Uzbekistan is a double-landlocked country found in central Asia. The country covers an area of 172,700 square miles, and it is the world's 56th largest country regarding the surface area and the 42nd largest by population. In 2017, Uzbekistan had a GDP of $22.3 billion and in 2014 it had a GDP per capita of $5,600. Uzbekistan has numerous natural resources within its borders which include arable, beautiful scenery, minerals such as uranium, lead, zinc, copper, silver, gold, petroleum, and natural gas.
According to World Bank, Uzbekistan had arable land which was about 10.34% of the total land area as of 2014. Agriculture employs approximately 28% of Uzbekistan’s labor force and accounts for 24% of the country's GDP as of 2006. Most of the crops in the country require irrigation which is carried out primarily in the river valleys and oases. The size of cultivated land in the country is about 4.5 million hectares, which is equivalent to about 10% of the total land area and is used for both crops and animals. Desert grazing region cover about half of the country’s land area and supports sheep only. The most important cash crop in the country is cotton, which accounted for about 17% of the country’s total exported items in 2006.
Minerals contribute significantly to the economy of Uzbekistan and gold is one of the biggest earners of foreign income. The country is the world’s 7th largest in the production of gold, and about 80 tons are produced every year. It is believed that Uzbekistan has the fourth largest gold reserves in the world. Muruntau gold deposit is a major gold mine and the world’s largest gold mine located in Kyzyl Kum Desert. The mine is the largest gold mine of its kind in the world operating as an open pit and produces approximately 2 million ounces of gold every year. The open pit measures about 2.17 miles by 1.55 miles and approximately 0.35 miles deep as of 2012. The coal deposit in Muruntau was discovered in 1958, although the region has been the source of turquoise ever since the period of the Silk Road. Other minerals in significant quantities in Uzbekistan include zinc, lead, copper, uranium, and tungsten.
Oil and Gas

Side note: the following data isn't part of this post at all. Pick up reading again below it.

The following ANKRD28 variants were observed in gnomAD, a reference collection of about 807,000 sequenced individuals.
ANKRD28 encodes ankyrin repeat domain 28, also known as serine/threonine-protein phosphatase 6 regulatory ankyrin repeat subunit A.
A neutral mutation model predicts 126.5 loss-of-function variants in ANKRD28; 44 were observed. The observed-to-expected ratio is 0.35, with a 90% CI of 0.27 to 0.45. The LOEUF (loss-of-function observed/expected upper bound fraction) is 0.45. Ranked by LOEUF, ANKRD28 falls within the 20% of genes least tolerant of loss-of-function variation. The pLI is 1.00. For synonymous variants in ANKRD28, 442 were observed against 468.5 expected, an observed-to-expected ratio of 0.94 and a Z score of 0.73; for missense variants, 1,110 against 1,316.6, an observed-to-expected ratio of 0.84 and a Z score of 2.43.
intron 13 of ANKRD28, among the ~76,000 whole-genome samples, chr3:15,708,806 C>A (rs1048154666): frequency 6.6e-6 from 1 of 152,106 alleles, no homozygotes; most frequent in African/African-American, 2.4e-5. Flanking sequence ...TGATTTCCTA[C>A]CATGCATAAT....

Uzbekistan is blessed with oil and gas, and currently, the country produces about 3 million tons annually and it has recoverable oil reserves of approximately 81.4 million tons. Uzbekistan has been producing oil for more than a century, but large-scale production began in the 1950s. Other assessments in the country have put estimates of proven oil reserves at about 594 million barrels, and the majority of the oil fields currently discovered in the country are found mostly in the southwest part of the country in the Tadzhik-Fergana Basin and Amu Darya Basin. From the 1990s oil production in the country has been falling by about 80,000 barrels per day or approximately 42% in a span of ten years. All the crude oil and condensate produced in Uzbekistan are processed in the refineries within the country or used as feedstock for petrol chemical industries. There are approximately 171 fields of oil and natural gas, and 51 of these produce only oil, and 17 produce gas condensate.
Economy of Uzbekistan
Uzbekistan experienced a GDP growth of 6% in 2017, which was slightly lower than 7.8% growth in 2016. The country has experienced a sustained and stable growth which has been possible due to favorable terms of trade led by export items such as natural gas, gold, copper, and cotton. The government also managed to adopt the best macroeconomic management with limited exposure to international financial markets. The country has been identified as having one of the most dynamic economies in the Commonwealth of independent states. Inflation in the country stood at 13%, and public debt has reduced to about 15.1% of GDP, while employment had remained steady at about 4.9% in 2017. Uzbekistan was ranked as the second country in the world regarding the pace of economic development in 2017 after Ethiopia.
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